Complete GuideAlaska Trip Planner By Road
Here are a few recommendations of exactly where and how to spend your time in Alaska.
Whether it’s whitewater rafting in Denali National Park or taking in the sights from a drift plane, there is lots of adventure to be found in Alaska. Take a look at a few of them here.
1 . Get on the water.
The state is full of whitewater, and Denali State Park is one of the easiest places to access it. The north-flowing, glacier-fed Nenana River parallels the Parks Highway by the national recreation area entrance, and operators typically run two trips on it: the mellow, scenic McKinley Run, and the quicker Canyon Run, which includes several class 3 and IV rapids. You can raft the Canyon with Denali Raft Adventures ($89, 2 hours) — you’ll appreciate the supplied drysuit.
Fishing is another popular on-the-water activity. There are salmon in the rivers, trout in the lakes, and huge halibut and cod out at ocean.
A wildife/glacier-viewing day time cruise out of Seward is also enjoyable. The Alaska Native-owned Kenai Fjords Tours offers a number of different routes, from four to 9 hours. You’re prone to see sea otters, puffins, bald silver eagles, seals, sea elephants, whales and maybe a bear, along with the calving glaciers, rookery island destinations, and shoreline highs of Resurrection Bay.
Rafting the Nenana River
Denali Raft Adventures
Kenai Fjords Tours
2. Hike with a instruction.
Alaska is a land of backcountry, settled by folks who hiked out, found a piece of ground that looked good and built a family log cabin on it. You can get a feeling of the vastness from the land by taking place your own backcountry trek. Denali is a great place for it — the National Park covers more than two million hectares and has relatively few established trails. You will find endless opportunities pertaining to shorter hikes in southcentral and interior Alaska as well.
Regardless how long you’re on the trail, it’s all set with a guide. Using a company like Ak Nature Guides, you’ll be led by a local, someone who blazed their own trail and made a home in the bush. Their insights about the property, its history as well as flora and fauna will add layers of meaning to a rise you won’t obtain otherwise.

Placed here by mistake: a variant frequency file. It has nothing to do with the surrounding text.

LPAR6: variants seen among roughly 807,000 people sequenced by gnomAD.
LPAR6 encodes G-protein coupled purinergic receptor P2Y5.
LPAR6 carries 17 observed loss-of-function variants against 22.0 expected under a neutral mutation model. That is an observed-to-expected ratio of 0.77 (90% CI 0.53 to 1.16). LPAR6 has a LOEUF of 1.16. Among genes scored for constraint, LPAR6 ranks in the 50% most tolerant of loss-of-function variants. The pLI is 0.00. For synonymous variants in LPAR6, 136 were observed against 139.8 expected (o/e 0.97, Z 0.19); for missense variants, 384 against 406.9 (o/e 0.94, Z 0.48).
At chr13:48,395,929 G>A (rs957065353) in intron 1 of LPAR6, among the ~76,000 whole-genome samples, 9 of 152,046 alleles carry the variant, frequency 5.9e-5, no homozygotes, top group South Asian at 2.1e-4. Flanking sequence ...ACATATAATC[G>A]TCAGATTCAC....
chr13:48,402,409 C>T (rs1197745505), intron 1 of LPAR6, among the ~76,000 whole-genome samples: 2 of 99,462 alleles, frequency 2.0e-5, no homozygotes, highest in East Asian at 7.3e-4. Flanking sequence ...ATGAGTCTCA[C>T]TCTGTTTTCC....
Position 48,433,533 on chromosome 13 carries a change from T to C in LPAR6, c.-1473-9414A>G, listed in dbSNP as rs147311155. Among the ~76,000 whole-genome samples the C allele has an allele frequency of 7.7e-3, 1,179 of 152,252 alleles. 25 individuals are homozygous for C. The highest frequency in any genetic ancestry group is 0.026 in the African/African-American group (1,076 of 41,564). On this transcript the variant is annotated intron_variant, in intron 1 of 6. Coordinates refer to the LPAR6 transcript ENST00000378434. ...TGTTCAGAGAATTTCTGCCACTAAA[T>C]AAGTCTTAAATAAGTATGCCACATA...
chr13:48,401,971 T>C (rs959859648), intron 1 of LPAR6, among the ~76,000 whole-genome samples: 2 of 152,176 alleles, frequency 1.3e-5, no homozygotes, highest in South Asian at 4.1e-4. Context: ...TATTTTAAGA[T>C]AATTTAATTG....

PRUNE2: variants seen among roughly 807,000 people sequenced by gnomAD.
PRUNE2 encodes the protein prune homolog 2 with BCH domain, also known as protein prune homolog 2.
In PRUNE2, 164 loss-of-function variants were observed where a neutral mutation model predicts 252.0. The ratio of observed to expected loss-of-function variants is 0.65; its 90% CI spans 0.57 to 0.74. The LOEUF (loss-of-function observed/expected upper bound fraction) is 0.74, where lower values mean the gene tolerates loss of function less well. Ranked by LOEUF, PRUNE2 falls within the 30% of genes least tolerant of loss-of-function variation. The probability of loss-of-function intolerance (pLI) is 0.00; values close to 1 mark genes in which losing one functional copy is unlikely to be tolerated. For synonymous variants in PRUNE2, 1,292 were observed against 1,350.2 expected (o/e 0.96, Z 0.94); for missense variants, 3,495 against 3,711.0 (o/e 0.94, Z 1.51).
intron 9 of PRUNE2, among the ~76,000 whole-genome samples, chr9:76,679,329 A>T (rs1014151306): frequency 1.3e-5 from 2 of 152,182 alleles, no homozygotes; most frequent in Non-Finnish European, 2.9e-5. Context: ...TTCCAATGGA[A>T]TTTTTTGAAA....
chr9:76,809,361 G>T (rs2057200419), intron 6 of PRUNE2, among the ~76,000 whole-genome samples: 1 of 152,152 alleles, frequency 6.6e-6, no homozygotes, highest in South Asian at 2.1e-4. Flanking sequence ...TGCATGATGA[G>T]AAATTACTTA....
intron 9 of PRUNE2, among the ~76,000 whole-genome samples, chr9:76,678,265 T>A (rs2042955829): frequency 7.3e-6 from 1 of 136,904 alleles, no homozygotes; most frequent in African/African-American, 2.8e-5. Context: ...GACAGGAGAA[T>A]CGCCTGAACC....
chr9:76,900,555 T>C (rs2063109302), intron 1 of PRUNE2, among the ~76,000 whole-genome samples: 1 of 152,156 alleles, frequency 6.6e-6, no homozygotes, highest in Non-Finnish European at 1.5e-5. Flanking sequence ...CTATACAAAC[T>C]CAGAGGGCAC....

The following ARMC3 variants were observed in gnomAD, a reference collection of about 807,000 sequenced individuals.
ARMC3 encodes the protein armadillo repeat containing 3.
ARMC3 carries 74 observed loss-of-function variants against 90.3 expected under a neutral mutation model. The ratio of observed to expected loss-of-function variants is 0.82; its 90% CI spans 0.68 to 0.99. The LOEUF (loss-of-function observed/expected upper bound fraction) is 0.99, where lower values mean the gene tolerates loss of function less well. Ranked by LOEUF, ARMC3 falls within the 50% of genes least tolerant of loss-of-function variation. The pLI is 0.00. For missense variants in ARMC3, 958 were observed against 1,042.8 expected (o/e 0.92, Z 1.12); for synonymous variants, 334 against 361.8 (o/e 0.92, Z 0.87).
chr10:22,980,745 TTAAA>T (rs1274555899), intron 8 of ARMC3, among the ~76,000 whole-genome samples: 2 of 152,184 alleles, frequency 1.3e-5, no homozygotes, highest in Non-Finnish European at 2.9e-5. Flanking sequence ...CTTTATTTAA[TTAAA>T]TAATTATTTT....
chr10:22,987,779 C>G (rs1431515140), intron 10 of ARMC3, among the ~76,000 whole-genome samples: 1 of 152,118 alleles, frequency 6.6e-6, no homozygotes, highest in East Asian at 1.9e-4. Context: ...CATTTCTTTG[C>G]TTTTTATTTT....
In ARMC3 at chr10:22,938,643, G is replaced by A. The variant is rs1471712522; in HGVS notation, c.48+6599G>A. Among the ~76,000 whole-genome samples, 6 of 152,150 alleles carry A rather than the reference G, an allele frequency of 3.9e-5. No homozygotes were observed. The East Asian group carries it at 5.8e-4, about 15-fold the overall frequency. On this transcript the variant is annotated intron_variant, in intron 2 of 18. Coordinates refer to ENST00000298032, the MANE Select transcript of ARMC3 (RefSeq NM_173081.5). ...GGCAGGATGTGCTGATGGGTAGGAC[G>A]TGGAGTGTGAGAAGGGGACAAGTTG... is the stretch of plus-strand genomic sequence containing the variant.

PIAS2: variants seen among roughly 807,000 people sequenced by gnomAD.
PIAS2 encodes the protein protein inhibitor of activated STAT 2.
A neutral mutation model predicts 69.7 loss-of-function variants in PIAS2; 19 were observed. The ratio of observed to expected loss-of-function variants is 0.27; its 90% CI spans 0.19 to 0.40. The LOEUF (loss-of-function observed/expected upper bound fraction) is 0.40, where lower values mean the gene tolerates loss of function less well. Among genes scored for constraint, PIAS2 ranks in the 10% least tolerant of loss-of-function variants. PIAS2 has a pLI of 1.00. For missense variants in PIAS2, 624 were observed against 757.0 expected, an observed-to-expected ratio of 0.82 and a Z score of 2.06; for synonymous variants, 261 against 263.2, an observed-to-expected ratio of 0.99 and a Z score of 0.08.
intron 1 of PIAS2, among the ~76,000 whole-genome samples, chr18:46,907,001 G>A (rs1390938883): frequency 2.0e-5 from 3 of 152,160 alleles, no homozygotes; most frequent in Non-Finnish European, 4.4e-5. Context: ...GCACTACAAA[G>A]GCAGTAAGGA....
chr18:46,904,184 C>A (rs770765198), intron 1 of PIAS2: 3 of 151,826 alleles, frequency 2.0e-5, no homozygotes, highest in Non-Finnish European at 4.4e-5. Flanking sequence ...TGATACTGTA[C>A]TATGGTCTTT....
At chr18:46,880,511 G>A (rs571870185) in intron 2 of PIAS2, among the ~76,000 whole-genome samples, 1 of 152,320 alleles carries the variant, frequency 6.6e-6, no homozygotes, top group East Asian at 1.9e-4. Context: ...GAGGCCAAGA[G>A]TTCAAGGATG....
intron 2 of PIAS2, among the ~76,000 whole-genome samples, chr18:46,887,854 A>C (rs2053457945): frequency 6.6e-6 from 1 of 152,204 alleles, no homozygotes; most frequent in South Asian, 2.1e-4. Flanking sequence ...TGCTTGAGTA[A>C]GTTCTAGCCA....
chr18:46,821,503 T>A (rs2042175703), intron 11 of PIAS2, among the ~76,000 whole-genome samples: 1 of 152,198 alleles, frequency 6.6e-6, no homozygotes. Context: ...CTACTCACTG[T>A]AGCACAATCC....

ANG can be one of few businesses with Gold Level Certification in the experience Green Alaska system, which recognizes all of them as an industry innovator in environmentally and culturally sustainable procedures. They run well guided hikes in Denali State Park (east of and adjacent to the National Park), as well as around Talkeetna Lakes Park, simply outside of town.
Look at of Denali Country wide Park
View of Denali National Park
Alaska Nature Guides
Adventure Green Alaska
3. Fly to the mountains; climb if you can.
The Alaska Range specifies the topography from the state, a crescent spine that curves from the southeastern boundary with Canada, up to just south of Fairbanks, and down again to the sea in the mouth of Make Inlet. The section most people know and visit, though, is the area surrounding Denali, North America’s tallest peak at six, 193. 5 metres, and its two neighbors, Foraker (5, 303. 5 meters) and Hunter (4, 256. 5 meters).
Getting the view is definitely nice; one of the best locations to do so is from your back deck part of the Talkeetna Alaskan Hotel. But you get an entirely different perspective once you’re actually in the mountains, standing on a glacier, looking up and around at a jagged world of white. To do that, you need a plane.
A handful of companies run “flightseeing” trips out of Talkeetna, K2 Aviation becoming the biggest. It’s also possible to travel in from the Denali area. Whoever you fly with, subscribe to a glacier getting for the full effect.
This is also just how climbers access the forest. For information on climbing, check the Country wide Park’s mountaineering reference page.
A float plane in Ak
Talkeetna Alaskan Lodge
Denali National Park Mountaineering Resource Page
4. Stay at a boat/plane-accessed hotel.
Fox Island is definitely a stop on two Kenai Fjords day cruises, but you can stay overnight at the Kenai Fjords Wilderness Resort. The property comprises 8 cabins (each with capacity for a family of four) lined up between your rocky beach as well as the back tidal lagoon. Package overnight stays that feature a day time cruise on leaving day start are available. Kayaking and angling trips are available at additional cost for overnighters; they’re part of the offer if you stay several night.
On the contrary side of the Kenai Peninsula, Tutka Gulf Lodge has an a lot more remote feel to it, accessed by water taxi from the Homer Spit or sea plane. Tutka is one of the fjords cut into the southern side of the larger Kachemak Bay, and the whole area features snowy peaks and Sitka spruce-covered ridges that run right into the ocean. The lodge is set back on a beach opposite a little headland – you can not see it until you’re almost on top of this. But once you’re there it’s quite expansive, with a massive central deck (with hot tub and sauna), and pathways that connect the main hotel building and six luxury cabins of varying size. The Eagle’s Nest Chalet (sleeps five) probably has the best watch.
Rates start $1, 300 per evening and include three chef-prepared meals a day, a one-hour massage, wines tastings, yoga, and pretty much any led activity you can think of — kayaking, hiking to glaciers, mountain cycling, local fishing and boat trips, character walks, and food preparation classes.